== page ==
Is no one else concerned that it's apparently now routine that police, finding an otherwise peaceable motorist in possession of a large sum of cash, simply take it?
Last Tuesday afternoon, Nye County Sheriff's Deputy Dan Pineau, while conducting a "drug patrol" on U.S. Highway 95 in Beatty, stopped a pickup truck for speeding and failing to stop at a stop sign. (For those who haven't passed through the charming little speed trap with the estimable chicken soup, 115 miles north of Las Vegas, the rapid lowering of speed limits as you enter Beatty makes it no great challenge for a deputy to catch someone failing to reduce speed quickly enough.)
Although no narcotics were found, a dog "hit" on the vehicle, which courts have held provides sufficient cause to rip the thing apart. Deputies found more than $750,000 in cash in the hidden compartments in the truck.
So they let the driver go, keeping the truck and the cash.
Let's not pretend to be naive. The fact that driver said she didn't know the money was there and had no idea who it belonged to doesn't make it too much of a stretch to conclude the woman -- knowingly or not -- was being used as a "mule" to transport illicit drug proceeds. That makes it a "good bust," as police count such things -- and the largest cash seizure in Nye County history, according to Sheriff Tony DeMeo, surpassing a similar $676,000 haul during a 2002 traffic stop in Tonopah.
It's enough to make an honest prospector give up his pan, his pick, and his mule!
Deputy Pineau did his job effectively. No one was hurt, and no one need lose any sleep over the financial loss to some unnamed drug kingpin.
Nor are Nye County deputies the only ones "getting lucky." Last year, police in Boulder City seized more than $500,000 stashed in the spare tire of a vehicle passing through the community.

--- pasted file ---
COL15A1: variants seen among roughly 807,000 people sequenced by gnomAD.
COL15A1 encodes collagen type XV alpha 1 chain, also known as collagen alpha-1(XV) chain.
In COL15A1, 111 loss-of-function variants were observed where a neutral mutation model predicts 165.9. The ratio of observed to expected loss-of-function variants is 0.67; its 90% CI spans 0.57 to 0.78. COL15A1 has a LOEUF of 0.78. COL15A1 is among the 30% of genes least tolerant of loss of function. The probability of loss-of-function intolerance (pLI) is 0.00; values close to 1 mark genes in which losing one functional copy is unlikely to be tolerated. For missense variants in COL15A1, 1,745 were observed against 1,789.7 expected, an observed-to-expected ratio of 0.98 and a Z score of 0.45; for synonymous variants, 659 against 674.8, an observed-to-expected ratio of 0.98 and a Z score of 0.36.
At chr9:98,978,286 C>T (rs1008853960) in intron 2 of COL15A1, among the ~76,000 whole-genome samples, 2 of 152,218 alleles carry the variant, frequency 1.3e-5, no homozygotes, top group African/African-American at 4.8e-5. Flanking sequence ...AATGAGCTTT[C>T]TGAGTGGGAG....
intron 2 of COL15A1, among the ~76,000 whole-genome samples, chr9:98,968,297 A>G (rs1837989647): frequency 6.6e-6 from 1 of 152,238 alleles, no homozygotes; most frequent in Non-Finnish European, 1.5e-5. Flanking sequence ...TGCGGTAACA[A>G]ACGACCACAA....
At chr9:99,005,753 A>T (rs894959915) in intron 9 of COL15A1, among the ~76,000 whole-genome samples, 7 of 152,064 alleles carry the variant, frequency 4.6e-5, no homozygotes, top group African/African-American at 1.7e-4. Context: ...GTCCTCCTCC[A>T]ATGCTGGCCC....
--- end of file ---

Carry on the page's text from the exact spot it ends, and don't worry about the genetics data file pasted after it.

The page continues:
Three observations may be in order:
1) If the drug dealers can write off these kinds of losses as mere incidental costs of doing business, the "War on Drugs" is lost.
2) While it's nice for local taxpayers to get this kind of budgetary relief in funding local police agencies, there is a risk in growing accustomed to such "windfalls." The risk is that so long as the money flows in, fewer and fewer questions may be asked.
3) What happens the next time a law-abiding citizen -- especially if he or she has an Hispanic name -- gets pulled over and says, "Yes, as it happens I've got $50,000 cash in the car. It's mine -- I earned it and saved it and I'm taking it to California to invest in a small business" or "to buy my son a classic Corvette for his wedding present" or "to bid at a collectors' coin auction"?
The money will be seized, won't it? The citizen (or his money, technically) will be presumed guilty, and the owner will be required to spend almost that sum on lawyers trying to get his cash back, won't he?
It didn't used to be illegal to travel around America carrying cash. Police seizing any large sums of cash they spotted used to be a phenomenon only of the corrupt Third World.
Is no one else concerned?